A local book store is putting together a multi-author event, and they invited me to promote Yeshiva Girl, so I’m starting to feel the panic attacks coming on. The fact that I actually worked up the nerve to promote the book on the blog is light years ahead of what I could have managed even a year ago, so I may be expecting too much of myself. I’ve been inching towards a set of notes for a few different talks about the book: one on Orthodox Judaism, one about incest, one about self-publishing, etc., so that if I get the opportunity I may even have the nerve to go forward.
When I was watching the Golden Globes recently (mostly fast-forwarding through it, but still), I had a few moments of wondering who I would want to direct the movie version of Yeshiva Girl, and how it would be cast, and if I’d be able to work on the screenplay, and where I could fit in the musical numbers. For a long time, along with assuming that I would be published right away, I took it for granted that my books would be made into movies, or TV shows. I had the guy from The Sopranos, James Gandolfini, in mind to play the father, until he died a few years back. And I kept my eye out for a young actress who could possibly play Izzy, without remaking her into a supermodel. I didn’t really think about the difficulties of making a novel about incest into a Hollywood movie, I mean, look at the stories Steven Sondheim has made into Broadway musicals!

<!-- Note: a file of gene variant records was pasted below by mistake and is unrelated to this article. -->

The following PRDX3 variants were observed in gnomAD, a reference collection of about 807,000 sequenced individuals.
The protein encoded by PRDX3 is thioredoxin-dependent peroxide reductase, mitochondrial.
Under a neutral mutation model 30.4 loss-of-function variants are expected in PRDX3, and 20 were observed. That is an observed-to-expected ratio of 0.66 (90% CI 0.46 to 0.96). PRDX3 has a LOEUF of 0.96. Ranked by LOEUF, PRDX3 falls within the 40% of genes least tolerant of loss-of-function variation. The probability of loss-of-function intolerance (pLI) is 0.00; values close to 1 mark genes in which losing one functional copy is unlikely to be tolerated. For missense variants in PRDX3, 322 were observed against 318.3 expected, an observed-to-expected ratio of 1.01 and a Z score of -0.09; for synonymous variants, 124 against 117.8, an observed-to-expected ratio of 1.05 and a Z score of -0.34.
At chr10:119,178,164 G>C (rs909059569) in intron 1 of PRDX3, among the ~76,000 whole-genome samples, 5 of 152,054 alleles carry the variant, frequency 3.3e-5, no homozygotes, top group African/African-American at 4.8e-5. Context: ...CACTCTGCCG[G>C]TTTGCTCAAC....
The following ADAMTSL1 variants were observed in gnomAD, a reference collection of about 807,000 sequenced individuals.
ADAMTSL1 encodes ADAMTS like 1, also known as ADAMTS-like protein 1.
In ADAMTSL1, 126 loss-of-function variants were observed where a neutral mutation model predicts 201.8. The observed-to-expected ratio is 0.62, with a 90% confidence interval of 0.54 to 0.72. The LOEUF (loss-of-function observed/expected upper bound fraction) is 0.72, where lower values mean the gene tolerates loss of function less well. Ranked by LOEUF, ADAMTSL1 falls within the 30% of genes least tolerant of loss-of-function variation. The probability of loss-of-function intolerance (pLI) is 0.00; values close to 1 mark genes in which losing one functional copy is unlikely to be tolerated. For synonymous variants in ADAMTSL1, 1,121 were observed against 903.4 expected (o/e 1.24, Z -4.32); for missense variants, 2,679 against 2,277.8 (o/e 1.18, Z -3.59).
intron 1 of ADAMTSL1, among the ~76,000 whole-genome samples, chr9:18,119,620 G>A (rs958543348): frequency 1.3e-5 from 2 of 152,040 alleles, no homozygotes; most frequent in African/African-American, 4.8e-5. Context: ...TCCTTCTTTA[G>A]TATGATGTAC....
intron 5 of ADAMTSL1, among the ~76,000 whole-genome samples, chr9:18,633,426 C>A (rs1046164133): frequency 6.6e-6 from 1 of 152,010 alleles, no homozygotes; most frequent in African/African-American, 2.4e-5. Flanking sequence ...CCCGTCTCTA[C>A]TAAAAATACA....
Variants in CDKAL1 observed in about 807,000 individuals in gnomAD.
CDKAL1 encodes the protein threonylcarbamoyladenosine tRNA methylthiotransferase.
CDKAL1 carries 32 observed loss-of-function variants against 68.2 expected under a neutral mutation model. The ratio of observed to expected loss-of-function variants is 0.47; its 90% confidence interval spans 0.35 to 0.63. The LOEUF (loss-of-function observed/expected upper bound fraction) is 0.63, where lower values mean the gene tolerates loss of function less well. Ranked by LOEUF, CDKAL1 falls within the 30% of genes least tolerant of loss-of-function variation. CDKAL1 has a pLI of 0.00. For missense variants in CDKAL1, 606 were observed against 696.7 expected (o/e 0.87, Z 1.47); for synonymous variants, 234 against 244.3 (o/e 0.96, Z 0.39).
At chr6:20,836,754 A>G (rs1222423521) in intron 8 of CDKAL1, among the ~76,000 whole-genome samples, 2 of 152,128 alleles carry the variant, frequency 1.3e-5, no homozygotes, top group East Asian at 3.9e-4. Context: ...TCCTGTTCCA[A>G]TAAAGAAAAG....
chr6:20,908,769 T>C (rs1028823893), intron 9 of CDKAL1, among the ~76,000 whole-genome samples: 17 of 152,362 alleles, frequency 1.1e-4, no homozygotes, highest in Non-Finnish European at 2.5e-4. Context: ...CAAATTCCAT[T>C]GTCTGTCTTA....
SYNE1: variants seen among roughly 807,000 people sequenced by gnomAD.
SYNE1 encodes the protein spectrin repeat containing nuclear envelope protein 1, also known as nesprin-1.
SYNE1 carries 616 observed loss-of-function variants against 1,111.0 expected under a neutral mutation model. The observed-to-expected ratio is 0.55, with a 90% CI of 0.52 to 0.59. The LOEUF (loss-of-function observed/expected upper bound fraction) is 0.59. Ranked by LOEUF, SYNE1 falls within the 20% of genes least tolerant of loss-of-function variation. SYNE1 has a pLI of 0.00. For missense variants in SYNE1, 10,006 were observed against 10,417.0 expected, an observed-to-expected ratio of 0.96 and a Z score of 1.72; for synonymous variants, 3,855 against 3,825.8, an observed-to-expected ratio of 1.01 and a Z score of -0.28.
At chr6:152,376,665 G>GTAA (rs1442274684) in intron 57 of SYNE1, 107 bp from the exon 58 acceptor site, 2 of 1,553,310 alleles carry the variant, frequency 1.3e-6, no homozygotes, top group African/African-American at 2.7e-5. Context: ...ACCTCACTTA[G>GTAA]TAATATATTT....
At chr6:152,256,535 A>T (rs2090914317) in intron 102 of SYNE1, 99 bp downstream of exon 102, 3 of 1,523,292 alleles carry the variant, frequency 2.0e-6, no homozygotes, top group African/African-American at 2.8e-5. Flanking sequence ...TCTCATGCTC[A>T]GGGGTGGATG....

Another thing I’ve had in mind for a long time was to do a book tour where I would focus on listening to other people’s stories of child abuse, almost like a travelling version of the Shoah Foundation, which has taken testimony from every Holocaust survivor who has been willing to speak. It would be like having pop up MeToo meetings all over the world, with my book as the excuse for us to get together.
Sometimes I think about doing an audiobook version of the book, but it scares me too much for now. Everything scares me too much at this point. I really should look into getting Ellie certified as an emotional support dog, so that she can come with me to scary events, and maybe even do the presentation herself. I think she’d sell a lot of books!
If you haven’t had a chance yet, please check out my Amazon page and consider ordering the Kindle or Paperback version (or both!) of Yeshiva Girl.
Yeshiva Girl is about a Jewish girl on Long Island named Izzy (short for Isabel). Her father has been accused of inappropriate sexual behavior with one of his students, which he denies, but Izzy implicitly believes that it’s true. Izzy’s father decides to send her to an Orthodox yeshiva for tenth grade, out of the blue, as if she’s the one who needs to be fixed. Izzy, in pain, smart, funny, and looking for people she can trust, finds that religious people are much more complicated than she had expected. Some, like her father, may use religion as a place to hide, but others search for and find comfort, and community, and even enlightenment.
(p.s. if you’re going to be on the North Shore of Long Island on Saturday March 9th, I’ll be at The Dolphin Bookstore, in Port Washington, between two and four in the afternoon. I’ll post again about this closer to the event.)
Have a great book event. Practice what you are going to say and read. Practice to your friends and family, until you know exactly what you’re going to do. Make eye contact. Speak loud enough so everyone can hear. Enunciate. Bring refreshments! Tell a joke! It will get easier every time you do it.